Shrinking school budgets and a high drop-out rate have only increased the decline in American competitiveness. One often advocated solution is to create more “smart classrooms” that use instructional software, smart boards and other interactive technologies to make learning more effective for all types and levels of students.
But in some areas, this means much more than updating the hardware technology in use. In rural locations, many teachers and students don't have the high-speed internet access necessary to access the wealth of educational information available on the internet.
Recent progress in this area includes:
An American Recovery and Reinvestment Act (ARRA) allocation of $650 million for educational technology to build Smart Classrooms – which are equipped with technology to enhance learning including computers and the ability to transfer classroom documents to blackboard websites.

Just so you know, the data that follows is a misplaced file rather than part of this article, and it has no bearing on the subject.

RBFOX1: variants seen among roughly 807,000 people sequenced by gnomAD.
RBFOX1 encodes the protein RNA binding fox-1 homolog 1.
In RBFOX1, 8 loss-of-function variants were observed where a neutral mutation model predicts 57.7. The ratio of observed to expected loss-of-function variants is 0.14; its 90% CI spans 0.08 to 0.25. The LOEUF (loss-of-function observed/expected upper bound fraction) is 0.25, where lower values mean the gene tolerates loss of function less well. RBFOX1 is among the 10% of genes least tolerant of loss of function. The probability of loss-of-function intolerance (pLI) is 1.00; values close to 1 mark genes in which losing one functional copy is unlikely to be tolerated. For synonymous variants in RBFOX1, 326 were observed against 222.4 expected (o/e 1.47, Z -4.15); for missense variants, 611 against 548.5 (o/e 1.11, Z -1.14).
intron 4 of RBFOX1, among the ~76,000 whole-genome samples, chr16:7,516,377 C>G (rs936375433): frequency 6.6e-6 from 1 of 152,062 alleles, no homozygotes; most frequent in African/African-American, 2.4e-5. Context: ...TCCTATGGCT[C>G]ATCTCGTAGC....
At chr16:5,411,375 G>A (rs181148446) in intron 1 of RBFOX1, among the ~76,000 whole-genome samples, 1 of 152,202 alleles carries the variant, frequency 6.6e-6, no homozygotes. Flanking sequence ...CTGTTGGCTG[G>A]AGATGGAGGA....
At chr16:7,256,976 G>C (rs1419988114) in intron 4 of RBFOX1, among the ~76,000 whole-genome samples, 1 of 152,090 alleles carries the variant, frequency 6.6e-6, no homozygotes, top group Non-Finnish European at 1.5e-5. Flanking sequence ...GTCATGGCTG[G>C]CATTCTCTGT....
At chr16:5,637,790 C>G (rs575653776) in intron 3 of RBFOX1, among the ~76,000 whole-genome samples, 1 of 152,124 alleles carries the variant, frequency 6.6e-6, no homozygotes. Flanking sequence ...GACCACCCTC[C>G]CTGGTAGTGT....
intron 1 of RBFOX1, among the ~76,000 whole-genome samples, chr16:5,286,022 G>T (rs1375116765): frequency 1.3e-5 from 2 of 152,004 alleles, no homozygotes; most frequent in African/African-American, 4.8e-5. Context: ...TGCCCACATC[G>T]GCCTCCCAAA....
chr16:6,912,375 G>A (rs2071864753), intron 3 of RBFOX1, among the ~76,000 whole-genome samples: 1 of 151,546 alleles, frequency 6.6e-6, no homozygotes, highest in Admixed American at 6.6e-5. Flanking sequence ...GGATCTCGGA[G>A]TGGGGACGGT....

Increasing use of public-private partnerships to rectify the situation. One example is Microsoft’s Partners in Learning initiative, which has already spread to more than 3.3 million students and teachers in six U.S. states.
ARRA also reserved $7.2 billion to complete broadband coverage across the U.S.—and stipulates that all of these funds must be allocated by September 2010.
Many industries in the Information Technology sector stand to benefit. But particularly well positioned are the computer and peripheral equipment manufacturers—who will provide the hardware for Smart Classrooms—and communications equipment makers, who are essential to creating the infrastructure needed by the networks.
Of course, Telecommunication Services providers will be critical to making complete broadband coverage a reality. And given the short-term availability of the funds, money may begin to flow to participating companies much sooner than other ARRA-funded opportunities.